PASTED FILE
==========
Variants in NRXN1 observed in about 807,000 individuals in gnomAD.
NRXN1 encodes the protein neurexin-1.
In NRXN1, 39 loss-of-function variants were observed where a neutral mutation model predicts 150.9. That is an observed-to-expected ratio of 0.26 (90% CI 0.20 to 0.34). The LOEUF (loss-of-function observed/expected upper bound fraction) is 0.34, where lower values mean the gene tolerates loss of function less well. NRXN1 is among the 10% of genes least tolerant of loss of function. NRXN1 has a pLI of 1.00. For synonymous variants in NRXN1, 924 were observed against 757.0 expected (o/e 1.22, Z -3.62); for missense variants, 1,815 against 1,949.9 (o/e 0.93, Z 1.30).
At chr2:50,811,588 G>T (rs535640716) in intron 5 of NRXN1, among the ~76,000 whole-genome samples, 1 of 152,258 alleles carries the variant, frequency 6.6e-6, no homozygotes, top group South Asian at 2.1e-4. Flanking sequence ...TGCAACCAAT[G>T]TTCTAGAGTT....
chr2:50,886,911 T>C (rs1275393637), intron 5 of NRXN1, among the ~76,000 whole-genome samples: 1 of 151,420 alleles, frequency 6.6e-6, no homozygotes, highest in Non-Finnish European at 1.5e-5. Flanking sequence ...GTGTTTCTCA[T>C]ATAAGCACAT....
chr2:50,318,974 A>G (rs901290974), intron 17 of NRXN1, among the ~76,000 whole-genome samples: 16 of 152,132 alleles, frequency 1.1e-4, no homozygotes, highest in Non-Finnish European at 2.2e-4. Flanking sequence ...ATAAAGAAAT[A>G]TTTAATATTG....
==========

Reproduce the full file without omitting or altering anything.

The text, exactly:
Variants in NRXN1 observed in about 807,000 individuals in gnomAD.
NRXN1 encodes the protein neurexin-1.
In NRXN1, 39 loss-of-function variants were observed where a neutral mutation model predicts 150.9. That is an observed-to-expected ratio of 0.26 (90% CI 0.20 to 0.34). The LOEUF (loss-of-function observed/expected upper bound fraction) is 0.34, where lower values mean the gene tolerates loss of function less well. NRXN1 is among the 10% of genes least tolerant of loss of function. NRXN1 has a pLI of 1.00. For synonymous variants in NRXN1, 924 were observed against 757.0 expected (o/e 1.22, Z -3.62); for missense variants, 1,815 against 1,949.9 (o/e 0.93, Z 1.30).
At chr2:50,811,588 G>T (rs535640716) in intron 5 of NRXN1, among the ~76,000 whole-genome samples, 1 of 152,258 alleles carries the variant, frequency 6.6e-6, no homozygotes, top group South Asian at 2.1e-4. Flanking sequence ...TGCAACCAAT[G>T]TTCTAGAGTT....
chr2:50,886,911 T>C (rs1275393637), intron 5 of NRXN1, among the ~76,000 whole-genome samples: 1 of 151,420 alleles, frequency 6.6e-6, no homozygotes, highest in Non-Finnish European at 1.5e-5. Flanking sequence ...GTGTTTCTCA[T>C]ATAAGCACAT....
chr2:50,318,974 A>G (rs901290974), intron 17 of NRXN1, among the ~76,000 whole-genome samples: 16 of 152,132 alleles, frequency 1.1e-4, no homozygotes, highest in Non-Finnish European at 2.2e-4. Flanking sequence ...ATAAAGAAAT[A>G]TTTAATATTG....